The producers of Hollywood films apparently think revenge is a much more compelling movie subject than is forgiveness. I just finished reading The Revenant by Michael Punke, the book on which the Alejandro Gonzalez Inarritu movie, starring Leonardo Di Caprio, was based.
While Punke has no problem admitting that he used a great deal of poetic license in his telling of the story, his book fails to come to terms with the fact that though Glass may have initially been compelled by revenge after being abandoned and left to die after his mauling by a grizzly bear in 1823, in the end, he did not choose to exact revenge when reunited with the two men who left him to die.
Frederick Manfred’s novel Lord Grizzly, on the other hand, written in 1954, did not shy away from Glass’s ultimate forgiveness. But that theme did not attract the attention of a director who was the recipient of multiple Academy (and other) Awards. In Hollywood, revenge is apparently considered much more riveting.
When the movie first came out, the Argus Leader interviewed Frederick Manfred’s son Fred. “Fred, who lives in Luverne, says that he has no plans to see the movie, which he sees as a lost opportunity. In embracing the notion of bloodthirsty revenge for DiCaprio’s character rather than forgiveness, as Manfred espoused in his work, he believes the filmmakers missed the essence of what makes Lord Grizzly so special.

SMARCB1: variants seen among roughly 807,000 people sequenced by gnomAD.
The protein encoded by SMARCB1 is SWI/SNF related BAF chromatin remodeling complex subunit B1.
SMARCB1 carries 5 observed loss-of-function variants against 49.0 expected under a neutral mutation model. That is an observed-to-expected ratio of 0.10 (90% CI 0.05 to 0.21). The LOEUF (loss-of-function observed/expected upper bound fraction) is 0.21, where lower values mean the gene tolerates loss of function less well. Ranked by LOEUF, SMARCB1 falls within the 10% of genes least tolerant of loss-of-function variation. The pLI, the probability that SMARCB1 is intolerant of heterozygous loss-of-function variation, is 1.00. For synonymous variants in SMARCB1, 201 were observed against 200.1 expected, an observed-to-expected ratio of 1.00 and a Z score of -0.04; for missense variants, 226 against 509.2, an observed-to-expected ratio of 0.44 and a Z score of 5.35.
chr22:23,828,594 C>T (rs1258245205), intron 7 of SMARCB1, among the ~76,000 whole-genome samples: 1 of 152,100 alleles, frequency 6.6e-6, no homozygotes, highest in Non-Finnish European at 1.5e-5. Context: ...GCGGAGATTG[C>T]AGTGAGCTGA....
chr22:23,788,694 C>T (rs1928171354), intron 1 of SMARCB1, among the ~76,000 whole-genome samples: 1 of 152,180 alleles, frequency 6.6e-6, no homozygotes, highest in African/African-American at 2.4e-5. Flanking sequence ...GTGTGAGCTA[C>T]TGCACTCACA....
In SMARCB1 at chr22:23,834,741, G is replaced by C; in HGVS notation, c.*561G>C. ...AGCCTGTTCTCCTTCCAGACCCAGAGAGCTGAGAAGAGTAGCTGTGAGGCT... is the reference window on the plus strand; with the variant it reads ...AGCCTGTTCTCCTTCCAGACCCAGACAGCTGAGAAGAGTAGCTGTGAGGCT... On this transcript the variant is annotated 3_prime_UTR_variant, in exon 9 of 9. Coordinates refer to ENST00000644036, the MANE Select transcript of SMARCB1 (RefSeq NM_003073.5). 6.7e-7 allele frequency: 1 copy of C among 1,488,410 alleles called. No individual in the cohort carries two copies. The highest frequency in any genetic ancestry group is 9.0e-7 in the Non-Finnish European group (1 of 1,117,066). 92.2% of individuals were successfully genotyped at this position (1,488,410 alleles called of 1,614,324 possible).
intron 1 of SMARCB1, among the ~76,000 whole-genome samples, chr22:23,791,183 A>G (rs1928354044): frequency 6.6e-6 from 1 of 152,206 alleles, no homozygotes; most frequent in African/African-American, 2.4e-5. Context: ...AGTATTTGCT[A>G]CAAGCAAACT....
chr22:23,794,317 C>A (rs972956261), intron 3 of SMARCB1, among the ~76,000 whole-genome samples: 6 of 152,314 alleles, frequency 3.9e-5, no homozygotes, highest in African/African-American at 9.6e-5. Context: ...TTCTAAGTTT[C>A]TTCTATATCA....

‘We’re a little more enamored with Hugh Glass out here because he did the right thing in the long run,’ says Fred, 61. ‘Whether it was a spiritual awakening or the way we grew up, we admire him for going through that crawl, finding the guys who left him behind and then ultimately deciding to let it go.'”
Maybe being mauled by a Grizzly and left with what should have been mortal wounds, being abandoned by one’s companions, crawling hundreds of miles to the nearest fort through what is now South Dakota, only to be subsequently attacked by hostile Indians, nearly frozen to death, and narrowly escaping starvation, has more of an impact on those who grew up in the northern plains. Fredrick Manfred, from Luverne, MN, perhaps understood the transformative impact of putting oneself through even more trauma in order to exact revenge than does Punke. Perhaps he was more aware of the kinds of decisions that a violent, relentlessly difficult environment demands of all who are at its mercy, even those who make a choice to survive at the expense of others.
What would Hugh Glass have done if he had had to make that choice? What if he had been the one in imminent mortal danger, having to choose whether to save his own life or the life a man who, by any rational estimation, would die anyway. We don’t know. But maybe that’s the conclusion he came to in the end. To forgive an act he well might have chosen himself had the roles been reversed.
The Revenant, $8.00 at The Book Shop.